If you are ready for some fresh spring asparagus that is crisp, lemony and divine—and can be on the table in a snap—our Food As Medicine Executive Chef Rebecca Katz’s recipe is just the thing. Ummmm good.
The produce manager at my local Whole Foods caught me appreciatively smelling the organic Bartlett pears on sale last night (1.69 a pound) and asked if I had ever tried Abate Fetel? He led me to a mound of slender, elongated greenish pears and explained that they are Italian, and only available briefly at this very time of year.
A seasonal delight you won’t want to miss: cranberry beans, with their burgundy and white shells. I spotted them at my farmer’s market on Saturday, and rhapsodized over their appearance all day before cooking them that evening. Flat out gorgeous!
I was inspired to create a combination of fresh green beans and cranberry beans by David Tanis in this delightful episode of Alice Water’s In the Green Kitchen video series, each of which features a simple standout dish. David spends half the year in Berkeley as head chef at Chez Panisse and the other half in Paris. Oooh, nice! I love watching him in this video, serenely topping and tailing green beans, the very essence of relaxed mindfulness.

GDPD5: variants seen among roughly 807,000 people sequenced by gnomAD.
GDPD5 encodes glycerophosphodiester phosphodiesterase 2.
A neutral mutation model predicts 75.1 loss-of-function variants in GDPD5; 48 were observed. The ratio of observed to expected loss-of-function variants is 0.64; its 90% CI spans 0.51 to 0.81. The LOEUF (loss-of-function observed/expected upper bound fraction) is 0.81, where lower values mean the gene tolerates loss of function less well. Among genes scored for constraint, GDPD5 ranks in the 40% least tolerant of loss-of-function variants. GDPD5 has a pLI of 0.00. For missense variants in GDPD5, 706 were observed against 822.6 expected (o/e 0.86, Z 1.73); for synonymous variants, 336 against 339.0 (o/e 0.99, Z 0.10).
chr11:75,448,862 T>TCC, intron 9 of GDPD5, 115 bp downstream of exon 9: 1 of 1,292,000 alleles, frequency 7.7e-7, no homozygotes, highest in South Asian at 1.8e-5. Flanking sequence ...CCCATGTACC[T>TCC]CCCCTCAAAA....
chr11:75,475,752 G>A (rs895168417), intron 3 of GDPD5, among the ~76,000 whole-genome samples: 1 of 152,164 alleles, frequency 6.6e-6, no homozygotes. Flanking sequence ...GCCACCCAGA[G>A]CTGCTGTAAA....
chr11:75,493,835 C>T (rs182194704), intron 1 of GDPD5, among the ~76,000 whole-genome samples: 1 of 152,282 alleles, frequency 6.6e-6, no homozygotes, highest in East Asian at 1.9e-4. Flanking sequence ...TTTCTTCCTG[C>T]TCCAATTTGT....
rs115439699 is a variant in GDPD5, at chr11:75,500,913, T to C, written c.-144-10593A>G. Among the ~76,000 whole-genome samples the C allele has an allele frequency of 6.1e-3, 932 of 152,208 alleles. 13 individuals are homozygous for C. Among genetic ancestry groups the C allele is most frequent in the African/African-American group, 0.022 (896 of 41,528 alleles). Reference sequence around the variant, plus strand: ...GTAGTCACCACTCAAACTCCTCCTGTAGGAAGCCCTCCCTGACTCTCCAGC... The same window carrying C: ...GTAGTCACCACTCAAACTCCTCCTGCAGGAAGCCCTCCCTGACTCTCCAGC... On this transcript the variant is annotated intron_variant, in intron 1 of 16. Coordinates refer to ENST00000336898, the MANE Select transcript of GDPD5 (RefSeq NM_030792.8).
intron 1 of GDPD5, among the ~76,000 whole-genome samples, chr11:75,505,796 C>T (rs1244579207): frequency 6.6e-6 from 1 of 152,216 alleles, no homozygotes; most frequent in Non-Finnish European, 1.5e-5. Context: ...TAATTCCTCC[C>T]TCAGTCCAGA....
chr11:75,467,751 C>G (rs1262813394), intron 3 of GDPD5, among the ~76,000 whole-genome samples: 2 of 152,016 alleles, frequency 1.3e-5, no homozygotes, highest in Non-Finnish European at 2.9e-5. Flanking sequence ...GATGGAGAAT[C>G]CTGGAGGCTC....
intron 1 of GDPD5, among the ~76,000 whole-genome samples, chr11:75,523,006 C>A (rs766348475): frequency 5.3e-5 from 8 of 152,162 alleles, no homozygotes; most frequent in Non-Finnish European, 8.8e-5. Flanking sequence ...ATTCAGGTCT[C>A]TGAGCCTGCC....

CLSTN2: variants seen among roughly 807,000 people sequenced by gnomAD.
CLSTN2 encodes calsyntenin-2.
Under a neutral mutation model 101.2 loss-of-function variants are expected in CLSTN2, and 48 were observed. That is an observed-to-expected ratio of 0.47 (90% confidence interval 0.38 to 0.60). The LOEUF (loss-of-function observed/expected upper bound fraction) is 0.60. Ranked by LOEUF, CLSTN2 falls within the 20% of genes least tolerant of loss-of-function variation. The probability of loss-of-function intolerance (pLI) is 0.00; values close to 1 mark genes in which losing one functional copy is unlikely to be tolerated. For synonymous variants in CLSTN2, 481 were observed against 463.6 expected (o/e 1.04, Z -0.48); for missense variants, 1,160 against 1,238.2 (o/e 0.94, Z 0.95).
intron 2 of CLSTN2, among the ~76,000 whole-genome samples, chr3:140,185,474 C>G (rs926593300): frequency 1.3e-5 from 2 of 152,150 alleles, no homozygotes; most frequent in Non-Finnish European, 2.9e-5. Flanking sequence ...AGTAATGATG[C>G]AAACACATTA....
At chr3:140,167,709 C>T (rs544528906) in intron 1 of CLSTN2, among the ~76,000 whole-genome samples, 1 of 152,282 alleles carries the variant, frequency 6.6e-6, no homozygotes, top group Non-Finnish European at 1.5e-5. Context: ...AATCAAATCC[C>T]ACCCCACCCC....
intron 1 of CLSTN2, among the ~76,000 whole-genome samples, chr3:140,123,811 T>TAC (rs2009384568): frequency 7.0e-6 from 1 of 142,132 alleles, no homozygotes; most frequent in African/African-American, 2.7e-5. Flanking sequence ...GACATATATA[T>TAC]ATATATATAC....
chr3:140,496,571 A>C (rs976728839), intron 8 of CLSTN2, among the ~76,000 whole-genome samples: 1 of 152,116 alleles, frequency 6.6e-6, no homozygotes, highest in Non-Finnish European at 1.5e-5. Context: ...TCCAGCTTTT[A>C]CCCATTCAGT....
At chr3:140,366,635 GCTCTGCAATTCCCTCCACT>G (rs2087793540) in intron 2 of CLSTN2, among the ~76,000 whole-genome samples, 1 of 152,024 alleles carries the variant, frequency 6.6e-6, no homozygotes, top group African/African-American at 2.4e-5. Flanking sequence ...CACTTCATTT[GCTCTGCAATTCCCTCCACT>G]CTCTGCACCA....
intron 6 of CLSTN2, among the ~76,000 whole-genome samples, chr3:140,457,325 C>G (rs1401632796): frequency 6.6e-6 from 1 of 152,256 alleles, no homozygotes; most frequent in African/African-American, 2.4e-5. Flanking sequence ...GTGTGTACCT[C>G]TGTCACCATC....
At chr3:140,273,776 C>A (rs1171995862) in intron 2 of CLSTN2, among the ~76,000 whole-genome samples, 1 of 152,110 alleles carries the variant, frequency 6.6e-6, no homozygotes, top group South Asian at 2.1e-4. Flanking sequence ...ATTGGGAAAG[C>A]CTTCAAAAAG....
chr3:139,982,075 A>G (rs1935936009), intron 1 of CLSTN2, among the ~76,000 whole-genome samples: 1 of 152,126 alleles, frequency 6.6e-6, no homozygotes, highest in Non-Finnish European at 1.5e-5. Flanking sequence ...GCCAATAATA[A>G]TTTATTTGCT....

Alas, the cranberry beans turn grayish in cooking, but I still found the final dish a pretty picture. And my friends, the taste! One of those deeply satisfying kinds.